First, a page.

WW1 Soldier Buried With Full Honours
28 July 2016
More than a century after he died, the remains of a British WW1 soldier have been reburied with full honours at the Commonwealth War Graves Commission Woburn Abbey Cemetery in France.
Lance Corporal Morrison of the 1st Battalion The Black Watch (Royal Highlander Regiment) was 29 years old when killed in action on 25 January 1915.
His remains were discovered at Cuinchy, near Arras, in December 2014. Insignia discovered with the remains included a spoon engraved with his service number – 5181. This, and the presence of other artefacts, led the MOD’s Joint Casualty and Compassionate Centre (JCCC) to trace his family and determine LCpl Morrison’s identity via DNA.
Today’s ceremony was organised by the JCCC with support from The Black Watch, 3rd Battalion The Royal Regiment of Scotland and the CWGC.
The moving service was attended by members of LCpl Morrison’s family and Regimental representatives and was led by the Reverend Stewart A Mackay CF, Chaplain The Black Watch 3rd Battalion, The Royal Regiment of Scotland.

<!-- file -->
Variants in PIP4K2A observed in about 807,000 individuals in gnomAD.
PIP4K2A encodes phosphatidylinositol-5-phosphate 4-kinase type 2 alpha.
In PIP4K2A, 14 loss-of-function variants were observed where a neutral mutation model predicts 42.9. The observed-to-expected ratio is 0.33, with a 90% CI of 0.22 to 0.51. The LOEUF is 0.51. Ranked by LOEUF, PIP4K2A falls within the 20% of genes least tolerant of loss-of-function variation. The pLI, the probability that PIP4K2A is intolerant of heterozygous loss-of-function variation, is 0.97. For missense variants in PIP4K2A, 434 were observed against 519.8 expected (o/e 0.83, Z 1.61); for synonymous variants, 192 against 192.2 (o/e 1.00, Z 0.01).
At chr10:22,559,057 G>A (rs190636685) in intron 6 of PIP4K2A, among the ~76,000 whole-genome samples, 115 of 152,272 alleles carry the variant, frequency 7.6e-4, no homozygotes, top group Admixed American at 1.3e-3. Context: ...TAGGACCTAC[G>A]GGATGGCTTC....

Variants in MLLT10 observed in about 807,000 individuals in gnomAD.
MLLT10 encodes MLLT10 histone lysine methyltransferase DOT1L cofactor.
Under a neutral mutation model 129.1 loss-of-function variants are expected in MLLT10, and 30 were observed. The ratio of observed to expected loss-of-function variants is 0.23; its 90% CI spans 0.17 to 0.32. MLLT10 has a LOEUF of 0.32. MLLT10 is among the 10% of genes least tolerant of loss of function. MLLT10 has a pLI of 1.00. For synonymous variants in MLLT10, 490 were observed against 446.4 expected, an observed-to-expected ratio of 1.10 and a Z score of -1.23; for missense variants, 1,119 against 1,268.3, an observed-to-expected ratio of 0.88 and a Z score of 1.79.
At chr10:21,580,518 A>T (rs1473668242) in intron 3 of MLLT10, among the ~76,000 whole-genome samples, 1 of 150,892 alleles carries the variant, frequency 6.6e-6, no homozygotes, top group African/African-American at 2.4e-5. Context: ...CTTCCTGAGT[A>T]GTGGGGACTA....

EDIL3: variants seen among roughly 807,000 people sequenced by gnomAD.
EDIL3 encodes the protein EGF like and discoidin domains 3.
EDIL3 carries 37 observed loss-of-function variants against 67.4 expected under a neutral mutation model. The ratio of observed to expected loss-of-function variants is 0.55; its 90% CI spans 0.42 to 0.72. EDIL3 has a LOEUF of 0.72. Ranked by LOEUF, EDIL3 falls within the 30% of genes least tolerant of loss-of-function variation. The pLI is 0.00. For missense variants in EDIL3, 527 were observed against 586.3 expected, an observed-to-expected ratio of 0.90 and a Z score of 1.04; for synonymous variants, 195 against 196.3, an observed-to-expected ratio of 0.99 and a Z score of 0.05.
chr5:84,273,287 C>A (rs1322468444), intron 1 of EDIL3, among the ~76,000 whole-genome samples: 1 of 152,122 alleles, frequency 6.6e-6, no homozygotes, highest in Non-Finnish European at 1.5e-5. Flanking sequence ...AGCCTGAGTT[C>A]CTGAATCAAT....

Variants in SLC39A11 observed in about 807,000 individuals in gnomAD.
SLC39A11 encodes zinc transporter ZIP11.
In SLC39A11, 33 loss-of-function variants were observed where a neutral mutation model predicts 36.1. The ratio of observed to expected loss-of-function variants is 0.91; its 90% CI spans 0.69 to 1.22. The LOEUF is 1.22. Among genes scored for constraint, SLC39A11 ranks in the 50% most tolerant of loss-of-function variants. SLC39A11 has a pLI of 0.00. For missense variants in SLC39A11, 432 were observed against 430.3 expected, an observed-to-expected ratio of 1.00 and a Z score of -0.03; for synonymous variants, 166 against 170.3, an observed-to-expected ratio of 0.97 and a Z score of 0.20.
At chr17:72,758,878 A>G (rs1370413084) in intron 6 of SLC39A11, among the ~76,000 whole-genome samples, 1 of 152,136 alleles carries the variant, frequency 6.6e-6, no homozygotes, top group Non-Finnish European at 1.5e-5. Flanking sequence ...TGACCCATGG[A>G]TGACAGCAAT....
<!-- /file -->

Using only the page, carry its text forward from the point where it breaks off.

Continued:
Just days before Christmas 1914, the 1st Battalion of the Black Watch, along with others of the Division, received orders to redeploy from Ypres to Cuinchy to counter an anticipated German advance. On the morning of 25 January 1915, four German mines were detonated in the British front line and were followed by a concerted German attack which overwhelmed the defenders.
Three companies of John’s Battalion, along with other reinforcements, were thrown into the line in a desperate attempt to stabilise the position. It was during the hours of bitter fighting that ensued that John became one of the 59 fatalities suffered by his Battalion that day.
> Learn about Woburn Abbey Cemetery